Although Country Captain Chicken’s exact origins are difficult to disentangle, most food specialists seem to agree that the dish likely got its name from the captains of East India Company ships that were responsible for delivering spices and other goods from overseas to southern port cities such as Charleston and Savannah in the 1800s. .
What’s not in dispute is that Carolina’s chicken curry and white rice mixture found its way onto George S. Patton’s dinner table, and the general quickly fell in love with the captain to the point that the U.S. Army honored Old Blood and Guts by serving the dish to soldiers in the field via ready-to-eat (MRE) packaged meals In 2000. (It was not a great success and is no longer served to the troops.)
Chef Thomas Boemer, who left his native Minnesota at age five and first had a country captain as a school lunch in the Carolinas, has a different recipe for the one-pot dish than the one the Pentagon has created to honor Patton, and it’s on the menu alongside a number of other Southern-style specialties at its restaurant The comeback in the twin cities. The captain’s boarding at Revival, however, did not go smoothly, as his business partner and chef had never heard of the dish.
“In the Carolinas, people eat a lot of rice. In Minnesota, nobody eats rice, they eat potatoes. They just thought I was completely crazy,” Boemer told InsideHook. “We were talking about the menu and they were like, ‘I’ve never heard of it. It’s not a real thing. I don’t think it’s Southern food. I was like, ‘Well, I tell you, it’s southern food. That’s what we ate.
Made with golden raisins, almonds, jalapeno peppers, and rice simmered with coconut milk, Country Captain’s version of Boemer calls for the chicken to be prepared bone-in with the skin intact.
“You lose so much without cooking a chicken on the bone. The raisins, almonds and peppers add a lot of texture to the dish. There are hints of sweetness and a complexity of spice,” he says. You have all of these great textures and flavors from the vegetables and the curry, and it creates a dish that I think has a very contemporary feel to it and is really quite complex but can be put together very easily.
Boemer’s Country Captain, who can also be made vegetarian by swapping cauliflower instead of chicken, is emblematic of his desire to put things on the menu at The comeback that challenge people’s preconceptions of what Southern cuisine is.
“Especially in places that aren’t Southern, people have this idea of what Southern food is. But the complexity of Southern cuisine and its history really goes in many different directions,” says Boemer. “Even though we’re a fried chicken restaurant for all intents and purposes, I want to expand people’s ideas and notions of what Southern cuisine is and can be. Country Captain is one of the go-to dishes for me because it comes from a time when the South and those coastal towns were a mecca for people all over the world. That’s why it continues to find its place on my menu.
And now it can navigate yours.
Chef Thomas Boemer’s Country Captain Chicken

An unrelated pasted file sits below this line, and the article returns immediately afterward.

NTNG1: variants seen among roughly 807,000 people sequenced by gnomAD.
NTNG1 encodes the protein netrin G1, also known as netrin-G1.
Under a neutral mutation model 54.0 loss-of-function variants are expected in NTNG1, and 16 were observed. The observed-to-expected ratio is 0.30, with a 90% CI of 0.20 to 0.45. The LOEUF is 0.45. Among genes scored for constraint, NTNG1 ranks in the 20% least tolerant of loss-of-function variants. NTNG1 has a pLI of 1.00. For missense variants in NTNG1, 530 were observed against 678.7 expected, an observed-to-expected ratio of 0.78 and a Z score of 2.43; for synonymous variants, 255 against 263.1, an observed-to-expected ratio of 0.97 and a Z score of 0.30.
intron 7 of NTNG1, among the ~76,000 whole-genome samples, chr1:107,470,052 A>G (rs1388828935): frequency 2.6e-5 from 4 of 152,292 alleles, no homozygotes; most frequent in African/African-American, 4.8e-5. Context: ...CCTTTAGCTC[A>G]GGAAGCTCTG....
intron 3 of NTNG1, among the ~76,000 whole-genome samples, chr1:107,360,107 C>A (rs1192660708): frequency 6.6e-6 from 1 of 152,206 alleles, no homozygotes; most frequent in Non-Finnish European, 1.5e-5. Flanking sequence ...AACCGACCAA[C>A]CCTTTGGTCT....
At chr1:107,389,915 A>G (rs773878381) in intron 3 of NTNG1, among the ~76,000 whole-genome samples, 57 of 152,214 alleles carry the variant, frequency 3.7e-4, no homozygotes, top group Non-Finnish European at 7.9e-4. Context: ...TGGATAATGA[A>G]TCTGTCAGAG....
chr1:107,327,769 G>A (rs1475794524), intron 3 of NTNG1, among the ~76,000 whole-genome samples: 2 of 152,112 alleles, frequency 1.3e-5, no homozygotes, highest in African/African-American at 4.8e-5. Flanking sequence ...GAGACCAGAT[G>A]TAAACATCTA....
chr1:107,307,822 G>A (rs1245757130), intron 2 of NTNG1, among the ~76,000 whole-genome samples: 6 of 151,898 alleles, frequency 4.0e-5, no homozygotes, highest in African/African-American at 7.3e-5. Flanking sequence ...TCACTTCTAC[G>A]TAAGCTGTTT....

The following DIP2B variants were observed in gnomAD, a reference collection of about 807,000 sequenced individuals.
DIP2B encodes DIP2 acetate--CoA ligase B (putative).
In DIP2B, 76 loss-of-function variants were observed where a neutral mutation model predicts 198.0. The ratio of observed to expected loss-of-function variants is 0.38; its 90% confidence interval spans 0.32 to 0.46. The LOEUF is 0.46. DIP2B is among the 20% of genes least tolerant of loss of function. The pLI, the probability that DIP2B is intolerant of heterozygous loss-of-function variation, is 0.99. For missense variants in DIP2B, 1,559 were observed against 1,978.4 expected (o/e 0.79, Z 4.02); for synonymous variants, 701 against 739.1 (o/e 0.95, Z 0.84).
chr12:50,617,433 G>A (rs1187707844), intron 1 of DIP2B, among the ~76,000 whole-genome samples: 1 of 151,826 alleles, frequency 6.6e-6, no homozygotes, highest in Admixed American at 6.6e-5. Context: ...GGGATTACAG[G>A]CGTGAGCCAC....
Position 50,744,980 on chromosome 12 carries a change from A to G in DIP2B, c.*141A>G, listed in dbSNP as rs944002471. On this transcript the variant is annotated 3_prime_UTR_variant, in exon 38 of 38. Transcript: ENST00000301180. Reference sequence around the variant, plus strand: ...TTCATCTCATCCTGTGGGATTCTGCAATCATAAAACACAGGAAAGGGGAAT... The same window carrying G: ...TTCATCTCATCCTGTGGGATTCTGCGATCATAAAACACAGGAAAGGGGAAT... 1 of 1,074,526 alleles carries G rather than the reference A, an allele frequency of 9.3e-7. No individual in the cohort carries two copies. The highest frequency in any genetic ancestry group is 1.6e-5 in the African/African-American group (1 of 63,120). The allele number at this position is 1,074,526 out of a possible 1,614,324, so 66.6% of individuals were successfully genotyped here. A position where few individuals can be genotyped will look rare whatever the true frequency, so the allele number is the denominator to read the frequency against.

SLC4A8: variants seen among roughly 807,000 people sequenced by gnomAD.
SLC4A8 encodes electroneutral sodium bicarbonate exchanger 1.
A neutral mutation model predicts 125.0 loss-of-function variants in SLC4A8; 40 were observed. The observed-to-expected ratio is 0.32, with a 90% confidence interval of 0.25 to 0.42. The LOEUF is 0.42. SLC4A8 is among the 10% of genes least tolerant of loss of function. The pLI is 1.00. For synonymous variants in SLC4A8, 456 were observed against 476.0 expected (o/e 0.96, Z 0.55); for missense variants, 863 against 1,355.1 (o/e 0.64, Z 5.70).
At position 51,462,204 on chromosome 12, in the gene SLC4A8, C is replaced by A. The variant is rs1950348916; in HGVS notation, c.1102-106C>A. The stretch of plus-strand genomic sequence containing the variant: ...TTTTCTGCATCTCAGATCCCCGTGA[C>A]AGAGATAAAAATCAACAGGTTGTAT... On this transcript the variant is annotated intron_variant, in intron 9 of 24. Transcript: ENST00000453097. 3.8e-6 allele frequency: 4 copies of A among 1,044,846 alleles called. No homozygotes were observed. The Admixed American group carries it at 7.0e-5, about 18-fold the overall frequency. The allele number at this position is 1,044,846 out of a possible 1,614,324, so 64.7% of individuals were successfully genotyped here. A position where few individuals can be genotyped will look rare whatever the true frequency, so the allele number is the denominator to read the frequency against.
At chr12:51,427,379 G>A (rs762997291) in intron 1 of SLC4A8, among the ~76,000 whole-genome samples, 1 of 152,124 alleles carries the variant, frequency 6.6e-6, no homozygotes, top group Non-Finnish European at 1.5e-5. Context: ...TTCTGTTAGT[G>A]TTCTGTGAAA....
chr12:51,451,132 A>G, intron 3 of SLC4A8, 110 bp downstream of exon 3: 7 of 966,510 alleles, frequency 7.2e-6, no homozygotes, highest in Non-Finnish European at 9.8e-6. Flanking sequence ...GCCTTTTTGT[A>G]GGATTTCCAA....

- Whole chicken (cut into 10pc)
- Large red onion (small dice 1/4 inch)
- Red bell pepper (small dice 1/4 in)
- Jalapeno pepper (small dice 1/4 inch)
- 2 large tomatoes (medium 1/2 inch dice)
- 3 large garlic cloves, minced
- 2 tablespoons mild curry powder
- 1/2 teaspoon nutmeg
- 1 teaspoon chilli
- 3 large bay leaves
- 1 tablespoon brown sugar
- 1 cup chicken broth
- 1 cup golden raisins
- 1 cup toasted slivered almonds
- 3 bunches green onions, chopped (1/8 inch rings)
- 2 cups basmati rice
- 2 cups of chicken broth
- 1 can of coconut milk
- Cut chicken into 10 pieces (thigh, thigh, wing, bone-in breast with attached rib meat cut in half). This cut will leave all the chicken pieces the same size so they cook at the same rate.
- Season with salt and pepper and place skin side down in a braising pan or Dutch oven.
- Brown all the pieces well and set aside.
- Add the onion, bell pepper and jalapeno to the pot with a pinch of salt and sweat over low heat, stirring with a wooden spoon to loosen and brown the chicken pieces.
- When the onions begin to turn translucent, add the minced garlic. Sweat the garlic until aromatic (30 seconds) and add all the dry spices.
- Increase the heat to medium-high and bring the spices to a boil in a hot skillet, being careful not to burn them.
- Stir in the tomatoes and add the chicken broth.
- Bring to a boil and return your chicken and bay leaves.
- Place in a preheated 350 degree oven and bake until the chicken is fully cooked (about 30 minutes).
- For the rice, place the rice in a medium saucepan with the chicken broth and coconut milk on the stove and bring gently to a boil. Cover with a lid and place in a 350 degree oven for about 25 minutes or until the rice is fully cooked.
- To serve, place the cooked coconut rice in a large bowl and top with a piece or two of chicken. Spoon curry sauce and vegetables on top and garnish with scallions, golden raisins and slivered almonds.
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